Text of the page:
Moms Stop the Harm calls on B.C. to provide safe supply in response to deadly illicit drug use

Restaurant patrons enjoy the weather on a patio in Vancouver, B.C., Monday, April 5, 2021. The province has suspended indoor dining at restaurants and pubs until at least April 19 in B.C. due to a spike in COVID-19 numbers. THE CANADIAN PRESS/Jonathan Hayward
B.C. sets new COVID-19 daily record with 1,293 cases Thursday

New order allows workplace closures when infections found

The new 3,500 hectare conservancy in Tahltan territory is located next to Mount Edziza Provincial Park. (BC Parks Photo)
New conservancy protects sacred Tahltan land near Mount Edziza Provincial Park

Project is a collaboration between Skeena Resources, conservation groups and the TCG

Vancouver resident Beryl Pye was witness to a “concerning,” spontaneous dance party that spread throughout social groups at Kitsilano Beach on April 16. (Screen grab/Beryl Pye)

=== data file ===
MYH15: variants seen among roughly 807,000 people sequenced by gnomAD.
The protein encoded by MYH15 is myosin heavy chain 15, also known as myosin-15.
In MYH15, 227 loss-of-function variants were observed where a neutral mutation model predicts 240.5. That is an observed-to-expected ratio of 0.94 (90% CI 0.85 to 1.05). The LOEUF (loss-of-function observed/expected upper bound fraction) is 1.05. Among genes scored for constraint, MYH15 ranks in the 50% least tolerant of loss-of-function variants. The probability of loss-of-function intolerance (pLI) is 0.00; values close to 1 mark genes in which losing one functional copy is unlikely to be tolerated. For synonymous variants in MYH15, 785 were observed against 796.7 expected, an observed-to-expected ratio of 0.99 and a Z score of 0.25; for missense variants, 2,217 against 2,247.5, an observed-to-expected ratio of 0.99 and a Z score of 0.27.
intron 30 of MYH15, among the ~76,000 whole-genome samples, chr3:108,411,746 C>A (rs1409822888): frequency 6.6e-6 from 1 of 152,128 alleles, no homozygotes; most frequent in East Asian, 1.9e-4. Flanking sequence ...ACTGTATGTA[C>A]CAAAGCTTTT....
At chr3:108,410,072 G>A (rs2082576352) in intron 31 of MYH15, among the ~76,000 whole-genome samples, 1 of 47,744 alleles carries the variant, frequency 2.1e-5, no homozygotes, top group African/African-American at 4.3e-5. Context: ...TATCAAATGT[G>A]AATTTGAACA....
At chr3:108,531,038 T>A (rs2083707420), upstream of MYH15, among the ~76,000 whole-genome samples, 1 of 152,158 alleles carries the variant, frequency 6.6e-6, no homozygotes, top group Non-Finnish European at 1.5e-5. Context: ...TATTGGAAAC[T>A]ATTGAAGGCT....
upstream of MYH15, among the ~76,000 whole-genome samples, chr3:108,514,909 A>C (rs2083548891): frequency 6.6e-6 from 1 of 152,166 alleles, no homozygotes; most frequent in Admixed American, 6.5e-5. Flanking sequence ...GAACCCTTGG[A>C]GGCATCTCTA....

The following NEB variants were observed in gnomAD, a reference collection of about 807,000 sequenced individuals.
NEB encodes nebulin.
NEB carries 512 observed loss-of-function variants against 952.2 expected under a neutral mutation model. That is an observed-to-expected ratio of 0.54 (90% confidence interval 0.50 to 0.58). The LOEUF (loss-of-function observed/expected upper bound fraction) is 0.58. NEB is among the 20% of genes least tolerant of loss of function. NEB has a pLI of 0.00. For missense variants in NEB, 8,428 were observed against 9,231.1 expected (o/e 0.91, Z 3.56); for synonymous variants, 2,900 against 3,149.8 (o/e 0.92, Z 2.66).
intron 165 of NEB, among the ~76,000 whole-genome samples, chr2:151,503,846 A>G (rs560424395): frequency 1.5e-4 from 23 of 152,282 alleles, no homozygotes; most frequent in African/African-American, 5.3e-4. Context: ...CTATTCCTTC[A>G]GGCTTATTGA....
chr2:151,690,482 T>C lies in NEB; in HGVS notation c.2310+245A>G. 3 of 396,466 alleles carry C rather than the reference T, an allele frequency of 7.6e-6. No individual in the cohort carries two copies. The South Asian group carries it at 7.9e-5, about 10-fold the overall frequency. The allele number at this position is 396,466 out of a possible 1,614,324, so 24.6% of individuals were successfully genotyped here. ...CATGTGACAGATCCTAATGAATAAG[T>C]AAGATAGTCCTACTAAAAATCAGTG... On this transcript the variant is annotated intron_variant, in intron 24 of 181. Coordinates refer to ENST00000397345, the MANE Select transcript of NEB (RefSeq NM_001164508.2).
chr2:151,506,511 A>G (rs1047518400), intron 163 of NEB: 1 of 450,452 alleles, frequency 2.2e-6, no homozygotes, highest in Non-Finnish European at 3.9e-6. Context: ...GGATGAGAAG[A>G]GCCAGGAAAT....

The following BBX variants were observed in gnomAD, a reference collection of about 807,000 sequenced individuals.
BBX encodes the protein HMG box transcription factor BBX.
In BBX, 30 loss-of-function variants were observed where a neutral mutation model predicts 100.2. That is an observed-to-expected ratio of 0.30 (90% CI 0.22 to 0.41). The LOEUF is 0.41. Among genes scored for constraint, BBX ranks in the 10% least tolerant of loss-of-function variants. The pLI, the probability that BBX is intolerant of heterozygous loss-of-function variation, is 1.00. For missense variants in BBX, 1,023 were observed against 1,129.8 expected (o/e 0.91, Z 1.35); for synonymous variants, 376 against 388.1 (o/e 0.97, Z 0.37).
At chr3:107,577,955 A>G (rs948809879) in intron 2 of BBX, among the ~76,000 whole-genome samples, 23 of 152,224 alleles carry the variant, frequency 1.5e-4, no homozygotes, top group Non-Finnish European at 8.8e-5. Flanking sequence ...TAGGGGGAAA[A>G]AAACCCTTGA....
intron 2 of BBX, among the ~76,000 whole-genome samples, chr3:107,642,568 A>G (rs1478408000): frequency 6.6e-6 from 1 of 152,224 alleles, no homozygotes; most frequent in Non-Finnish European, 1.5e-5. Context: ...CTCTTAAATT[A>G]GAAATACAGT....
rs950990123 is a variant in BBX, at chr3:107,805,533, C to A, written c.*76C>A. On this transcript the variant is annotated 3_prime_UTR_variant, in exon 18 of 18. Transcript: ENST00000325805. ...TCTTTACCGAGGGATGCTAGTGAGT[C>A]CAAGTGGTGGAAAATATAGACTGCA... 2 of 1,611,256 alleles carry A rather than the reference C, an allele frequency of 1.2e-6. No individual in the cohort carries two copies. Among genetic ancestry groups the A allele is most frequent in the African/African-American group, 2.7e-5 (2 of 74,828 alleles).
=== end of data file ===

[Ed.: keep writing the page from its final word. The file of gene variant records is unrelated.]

VIDEO: Dance party erupts at Vancouver’s Kitsilano Beach to the dismay of onlookers

‘It was a complete disregard for current COVID-19 public health orders,’ says Vancouver resident Beryl Pye

Lord Tweedsmuir’s Tremmel States-Jones jumps a player and the goal line to score a touchdown against the Kelowna Owls in 2019. The face of high school football, along with a majority of other high school sports, could significantly change if a new governance proposal is passed at the B.C. School Sports AGM May 1. (Malin Jordan)
Power struggle: New governance model proposed for B.C. high school sports

Most commissions are against the new model, but B.C. School Sports (BCSS) and its board is in favour

Pall Bearers carrying the coffin of the Duke of Edinburgh, followed by the Prince of Wales, left and Princess Anne, right, into St George’s Chapel for his funeral, at Windsor Castle, in Windsor, England, Saturday April 17, 2021. (Danny Lawson/Pool via AP)
Trudeau announces $200K donation to Duke of Edinburgh award as Prince Philip laid to rest